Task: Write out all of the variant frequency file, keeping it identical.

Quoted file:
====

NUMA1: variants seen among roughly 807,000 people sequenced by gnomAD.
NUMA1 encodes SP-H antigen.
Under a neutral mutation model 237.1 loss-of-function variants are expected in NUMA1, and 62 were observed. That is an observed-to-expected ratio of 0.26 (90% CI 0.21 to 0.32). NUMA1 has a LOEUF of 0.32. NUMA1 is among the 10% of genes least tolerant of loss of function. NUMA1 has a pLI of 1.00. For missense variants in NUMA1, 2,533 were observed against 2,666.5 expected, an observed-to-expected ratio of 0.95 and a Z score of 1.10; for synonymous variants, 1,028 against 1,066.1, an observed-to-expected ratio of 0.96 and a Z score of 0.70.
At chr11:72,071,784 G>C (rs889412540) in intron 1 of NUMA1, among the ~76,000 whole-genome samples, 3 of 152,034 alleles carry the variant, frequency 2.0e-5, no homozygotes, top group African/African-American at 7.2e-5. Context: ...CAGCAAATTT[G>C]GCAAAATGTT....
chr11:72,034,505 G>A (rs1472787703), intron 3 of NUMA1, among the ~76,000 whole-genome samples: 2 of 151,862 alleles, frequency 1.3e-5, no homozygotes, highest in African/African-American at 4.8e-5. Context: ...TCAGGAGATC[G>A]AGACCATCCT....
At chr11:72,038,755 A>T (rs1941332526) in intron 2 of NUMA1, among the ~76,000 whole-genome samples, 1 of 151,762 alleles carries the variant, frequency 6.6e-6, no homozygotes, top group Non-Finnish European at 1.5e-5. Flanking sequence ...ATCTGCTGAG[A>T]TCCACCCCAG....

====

NUMA1: variants seen among roughly 807,000 people sequenced by gnomAD.
NUMA1 encodes SP-H antigen.
Under a neutral mutation model 237.1 loss-of-function variants are expected in NUMA1, and 62 were observed. That is an observed-to-expected ratio of 0.26 (90% CI 0.21 to 0.32). NUMA1 has a LOEUF of 0.32. NUMA1 is among the 10% of genes least tolerant of loss of function. NUMA1 has a pLI of 1.00. For missense variants in NUMA1, 2,533 were observed against 2,666.5 expected, an observed-to-expected ratio of 0.95 and a Z score of 1.10; for synonymous variants, 1,028 against 1,066.1, an observed-to-expected ratio of 0.96 and a Z score of 0.70.
At chr11:72,071,784 G>C (rs889412540) in intron 1 of NUMA1, among the ~76,000 whole-genome samples, 3 of 152,034 alleles carry the variant, frequency 2.0e-5, no homozygotes, top group African/African-American at 7.2e-5. Context: ...CAGCAAATTT[G>C]GCAAAATGTT....
chr11:72,034,505 G>A (rs1472787703), intron 3 of NUMA1, among the ~76,000 whole-genome samples: 2 of 151,862 alleles, frequency 1.3e-5, no homozygotes, highest in African/African-American at 4.8e-5. Context: ...TCAGGAGATC[G>A]AGACCATCCT....
At chr11:72,038,755 A>T (rs1941332526) in intron 2 of NUMA1, among the ~76,000 whole-genome samples, 1 of 151,762 alleles carries the variant, frequency 6.6e-6, no homozygotes, top group Non-Finnish European at 1.5e-5. Flanking sequence ...ATCTGCTGAG[A>T]TCCACCCCAG....